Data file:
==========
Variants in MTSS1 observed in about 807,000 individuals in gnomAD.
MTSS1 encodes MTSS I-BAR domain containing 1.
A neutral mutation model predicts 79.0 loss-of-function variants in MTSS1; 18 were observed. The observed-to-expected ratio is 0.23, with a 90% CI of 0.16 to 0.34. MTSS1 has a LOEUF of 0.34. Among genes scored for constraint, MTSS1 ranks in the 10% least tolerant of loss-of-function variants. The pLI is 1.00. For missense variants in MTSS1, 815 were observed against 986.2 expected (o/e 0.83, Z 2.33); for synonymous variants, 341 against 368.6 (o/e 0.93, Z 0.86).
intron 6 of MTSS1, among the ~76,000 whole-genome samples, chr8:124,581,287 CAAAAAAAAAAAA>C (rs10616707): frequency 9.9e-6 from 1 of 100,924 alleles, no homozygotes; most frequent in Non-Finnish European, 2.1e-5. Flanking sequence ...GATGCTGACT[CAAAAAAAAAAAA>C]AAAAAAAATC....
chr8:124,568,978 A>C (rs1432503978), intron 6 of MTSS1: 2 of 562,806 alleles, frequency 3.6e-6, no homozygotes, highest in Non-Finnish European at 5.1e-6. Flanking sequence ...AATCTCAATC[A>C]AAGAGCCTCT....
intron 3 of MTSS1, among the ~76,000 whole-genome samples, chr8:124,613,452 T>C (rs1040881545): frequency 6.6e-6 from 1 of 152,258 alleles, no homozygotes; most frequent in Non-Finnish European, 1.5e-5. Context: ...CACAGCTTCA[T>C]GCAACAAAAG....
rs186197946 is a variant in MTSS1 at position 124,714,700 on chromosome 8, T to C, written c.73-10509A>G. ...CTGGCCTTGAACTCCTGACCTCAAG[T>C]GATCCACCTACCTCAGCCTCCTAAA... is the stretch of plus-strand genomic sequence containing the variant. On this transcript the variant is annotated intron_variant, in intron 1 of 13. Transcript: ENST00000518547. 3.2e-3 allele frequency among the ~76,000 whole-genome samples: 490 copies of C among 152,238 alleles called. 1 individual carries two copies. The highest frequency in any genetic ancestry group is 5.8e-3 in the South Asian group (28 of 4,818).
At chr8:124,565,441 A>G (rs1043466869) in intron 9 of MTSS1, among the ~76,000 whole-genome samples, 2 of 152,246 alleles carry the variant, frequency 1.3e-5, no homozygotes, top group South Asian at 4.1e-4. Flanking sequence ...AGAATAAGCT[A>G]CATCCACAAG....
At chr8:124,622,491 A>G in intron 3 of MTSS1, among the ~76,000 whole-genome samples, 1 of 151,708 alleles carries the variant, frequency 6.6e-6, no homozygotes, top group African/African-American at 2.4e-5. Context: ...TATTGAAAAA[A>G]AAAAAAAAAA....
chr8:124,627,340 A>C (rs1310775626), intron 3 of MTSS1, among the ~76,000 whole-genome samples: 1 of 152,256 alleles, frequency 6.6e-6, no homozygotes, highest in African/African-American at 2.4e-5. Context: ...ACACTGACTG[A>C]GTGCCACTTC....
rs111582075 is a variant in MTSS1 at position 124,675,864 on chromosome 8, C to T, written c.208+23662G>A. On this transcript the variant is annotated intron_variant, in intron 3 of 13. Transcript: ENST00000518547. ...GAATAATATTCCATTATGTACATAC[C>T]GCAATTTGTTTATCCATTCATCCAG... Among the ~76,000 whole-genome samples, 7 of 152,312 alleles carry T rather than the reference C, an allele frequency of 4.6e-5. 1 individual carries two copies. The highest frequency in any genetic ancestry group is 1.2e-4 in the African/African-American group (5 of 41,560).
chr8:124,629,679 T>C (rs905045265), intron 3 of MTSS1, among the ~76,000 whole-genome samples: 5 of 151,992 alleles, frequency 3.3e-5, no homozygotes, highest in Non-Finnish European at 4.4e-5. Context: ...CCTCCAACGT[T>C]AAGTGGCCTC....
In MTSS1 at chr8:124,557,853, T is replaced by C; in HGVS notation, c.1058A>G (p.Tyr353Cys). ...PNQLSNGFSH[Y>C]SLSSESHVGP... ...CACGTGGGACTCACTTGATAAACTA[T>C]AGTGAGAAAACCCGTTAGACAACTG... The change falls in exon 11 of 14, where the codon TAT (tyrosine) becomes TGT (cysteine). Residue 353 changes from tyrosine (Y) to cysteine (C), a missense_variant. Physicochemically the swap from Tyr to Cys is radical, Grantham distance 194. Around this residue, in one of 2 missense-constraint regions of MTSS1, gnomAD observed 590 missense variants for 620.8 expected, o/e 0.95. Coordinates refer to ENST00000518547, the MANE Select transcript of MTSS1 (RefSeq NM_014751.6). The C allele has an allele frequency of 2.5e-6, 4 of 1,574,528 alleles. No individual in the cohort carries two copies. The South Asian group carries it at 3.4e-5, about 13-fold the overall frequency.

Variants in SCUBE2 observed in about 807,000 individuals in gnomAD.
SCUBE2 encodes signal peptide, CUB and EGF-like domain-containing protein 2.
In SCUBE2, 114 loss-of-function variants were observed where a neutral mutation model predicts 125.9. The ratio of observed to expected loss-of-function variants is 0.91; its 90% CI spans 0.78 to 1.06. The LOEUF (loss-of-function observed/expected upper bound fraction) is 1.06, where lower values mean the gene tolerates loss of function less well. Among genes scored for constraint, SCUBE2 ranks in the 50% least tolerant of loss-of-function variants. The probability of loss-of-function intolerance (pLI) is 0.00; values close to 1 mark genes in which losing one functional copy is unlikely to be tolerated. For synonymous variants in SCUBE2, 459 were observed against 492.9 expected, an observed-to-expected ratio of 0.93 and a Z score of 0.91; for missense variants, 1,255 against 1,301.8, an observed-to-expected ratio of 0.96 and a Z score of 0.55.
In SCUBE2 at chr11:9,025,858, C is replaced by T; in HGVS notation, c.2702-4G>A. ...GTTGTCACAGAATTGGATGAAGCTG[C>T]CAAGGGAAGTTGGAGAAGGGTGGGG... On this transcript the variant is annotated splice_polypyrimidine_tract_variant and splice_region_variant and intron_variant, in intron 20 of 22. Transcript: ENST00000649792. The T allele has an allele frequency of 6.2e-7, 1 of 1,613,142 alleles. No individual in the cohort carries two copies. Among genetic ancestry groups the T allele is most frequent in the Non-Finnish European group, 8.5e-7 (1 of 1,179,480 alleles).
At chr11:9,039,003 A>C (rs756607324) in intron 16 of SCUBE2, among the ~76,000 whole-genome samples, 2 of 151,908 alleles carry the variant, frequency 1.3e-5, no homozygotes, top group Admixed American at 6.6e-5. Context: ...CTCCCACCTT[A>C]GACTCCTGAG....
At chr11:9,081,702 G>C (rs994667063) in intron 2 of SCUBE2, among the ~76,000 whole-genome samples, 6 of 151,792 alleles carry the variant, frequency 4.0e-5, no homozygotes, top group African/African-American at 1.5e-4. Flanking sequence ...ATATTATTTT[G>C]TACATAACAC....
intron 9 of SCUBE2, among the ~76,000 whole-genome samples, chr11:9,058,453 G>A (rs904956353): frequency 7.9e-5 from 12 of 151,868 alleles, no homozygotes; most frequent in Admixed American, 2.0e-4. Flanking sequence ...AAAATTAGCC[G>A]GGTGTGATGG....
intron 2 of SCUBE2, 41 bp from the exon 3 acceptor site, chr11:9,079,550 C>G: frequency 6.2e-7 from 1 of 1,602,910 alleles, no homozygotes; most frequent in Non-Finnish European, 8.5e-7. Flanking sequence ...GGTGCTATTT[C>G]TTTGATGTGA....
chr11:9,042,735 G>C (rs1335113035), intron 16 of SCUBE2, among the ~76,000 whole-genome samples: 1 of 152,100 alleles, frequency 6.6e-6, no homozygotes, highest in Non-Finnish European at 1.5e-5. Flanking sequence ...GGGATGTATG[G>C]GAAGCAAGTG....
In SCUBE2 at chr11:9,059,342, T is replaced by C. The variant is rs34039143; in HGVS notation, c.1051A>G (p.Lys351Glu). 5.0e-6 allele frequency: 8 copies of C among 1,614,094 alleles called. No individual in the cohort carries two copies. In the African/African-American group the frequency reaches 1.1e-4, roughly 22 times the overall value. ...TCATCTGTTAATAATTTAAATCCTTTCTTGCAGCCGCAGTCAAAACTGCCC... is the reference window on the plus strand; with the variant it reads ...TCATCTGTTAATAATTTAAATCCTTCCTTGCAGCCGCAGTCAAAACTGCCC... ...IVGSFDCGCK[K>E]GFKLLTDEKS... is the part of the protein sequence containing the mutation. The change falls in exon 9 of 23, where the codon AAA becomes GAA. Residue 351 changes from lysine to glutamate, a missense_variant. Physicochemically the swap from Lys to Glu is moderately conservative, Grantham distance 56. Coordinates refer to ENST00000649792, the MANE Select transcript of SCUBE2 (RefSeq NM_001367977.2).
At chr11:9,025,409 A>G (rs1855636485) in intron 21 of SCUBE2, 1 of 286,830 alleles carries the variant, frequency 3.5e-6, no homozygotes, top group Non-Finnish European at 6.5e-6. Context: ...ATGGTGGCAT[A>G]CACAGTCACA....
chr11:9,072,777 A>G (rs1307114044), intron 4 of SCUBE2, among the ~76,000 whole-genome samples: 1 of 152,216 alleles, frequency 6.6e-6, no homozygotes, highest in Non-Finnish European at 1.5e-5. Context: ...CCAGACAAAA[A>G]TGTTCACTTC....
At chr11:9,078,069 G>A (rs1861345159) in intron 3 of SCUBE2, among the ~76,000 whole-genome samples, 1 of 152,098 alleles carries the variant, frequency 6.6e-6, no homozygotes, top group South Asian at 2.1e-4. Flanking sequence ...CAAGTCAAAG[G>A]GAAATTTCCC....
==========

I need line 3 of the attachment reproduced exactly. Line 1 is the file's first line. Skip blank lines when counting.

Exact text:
A neutral mutation model predicts 79.0 loss-of-function variants in MTSS1; 18 were observed. The observed-to-expected ratio is 0.23, with a 90% CI of 0.16 to 0.34. MTSS1 has a LOEUF of 0.34. Among genes scored for constraint, MTSS1 ranks in the 10% least tolerant of loss-of-function variants. The pLI is 1.00. For missense variants in MTSS1, 815 were observed against 986.2 expected (o/e 0.83, Z 2.33); for synonymous variants, 341 against 368.6 (o/e 0.93, Z 0.86).